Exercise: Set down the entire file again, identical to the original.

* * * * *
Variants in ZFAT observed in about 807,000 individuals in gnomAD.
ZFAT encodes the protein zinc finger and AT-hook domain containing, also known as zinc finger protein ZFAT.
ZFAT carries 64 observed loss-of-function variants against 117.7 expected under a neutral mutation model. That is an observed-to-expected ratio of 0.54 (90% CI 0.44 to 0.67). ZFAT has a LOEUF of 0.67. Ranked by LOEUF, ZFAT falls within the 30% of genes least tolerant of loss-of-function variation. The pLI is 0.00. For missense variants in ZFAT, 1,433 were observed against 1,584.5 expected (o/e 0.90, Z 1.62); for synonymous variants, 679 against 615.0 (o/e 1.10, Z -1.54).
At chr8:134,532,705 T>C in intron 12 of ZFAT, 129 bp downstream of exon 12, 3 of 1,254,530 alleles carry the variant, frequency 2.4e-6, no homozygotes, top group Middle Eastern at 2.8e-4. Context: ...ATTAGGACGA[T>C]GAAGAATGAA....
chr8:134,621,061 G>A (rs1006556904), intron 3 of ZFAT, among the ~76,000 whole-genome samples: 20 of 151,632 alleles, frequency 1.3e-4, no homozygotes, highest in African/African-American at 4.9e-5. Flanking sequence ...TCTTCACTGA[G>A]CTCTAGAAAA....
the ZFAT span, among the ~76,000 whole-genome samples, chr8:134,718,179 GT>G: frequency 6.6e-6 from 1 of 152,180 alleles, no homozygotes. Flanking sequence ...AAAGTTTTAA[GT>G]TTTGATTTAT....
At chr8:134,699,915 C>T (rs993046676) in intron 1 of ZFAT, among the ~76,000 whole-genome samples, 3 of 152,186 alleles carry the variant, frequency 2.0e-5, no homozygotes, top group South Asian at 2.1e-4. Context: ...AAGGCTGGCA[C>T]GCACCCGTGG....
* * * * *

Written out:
Variants in ZFAT observed in about 807,000 individuals in gnomAD.
ZFAT encodes the protein zinc finger and AT-hook domain containing, also known as zinc finger protein ZFAT.
ZFAT carries 64 observed loss-of-function variants against 117.7 expected under a neutral mutation model. That is an observed-to-expected ratio of 0.54 (90% CI 0.44 to 0.67). ZFAT has a LOEUF of 0.67. Ranked by LOEUF, ZFAT falls within the 30% of genes least tolerant of loss-of-function variation. The pLI is 0.00. For missense variants in ZFAT, 1,433 were observed against 1,584.5 expected (o/e 0.90, Z 1.62); for synonymous variants, 679 against 615.0 (o/e 1.10, Z -1.54).
At chr8:134,532,705 T>C in intron 12 of ZFAT, 129 bp downstream of exon 12, 3 of 1,254,530 alleles carry the variant, frequency 2.4e-6, no homozygotes, top group Middle Eastern at 2.8e-4. Context: ...ATTAGGACGA[T>C]GAAGAATGAA....
chr8:134,621,061 G>A (rs1006556904), intron 3 of ZFAT, among the ~76,000 whole-genome samples: 20 of 151,632 alleles, frequency 1.3e-4, no homozygotes, highest in African/African-American at 4.9e-5. Flanking sequence ...TCTTCACTGA[G>A]CTCTAGAAAA....
the ZFAT span, among the ~76,000 whole-genome samples, chr8:134,718,179 GT>G: frequency 6.6e-6 from 1 of 152,180 alleles, no homozygotes. Flanking sequence ...AAAGTTTTAA[GT>G]TTTGATTTAT....
At chr8:134,699,915 C>T (rs993046676) in intron 1 of ZFAT, among the ~76,000 whole-genome samples, 3 of 152,186 alleles carry the variant, frequency 2.0e-5, no homozygotes, top group South Asian at 2.1e-4. Context: ...AAGGCTGGCA[C>T]GCACCCGTGG....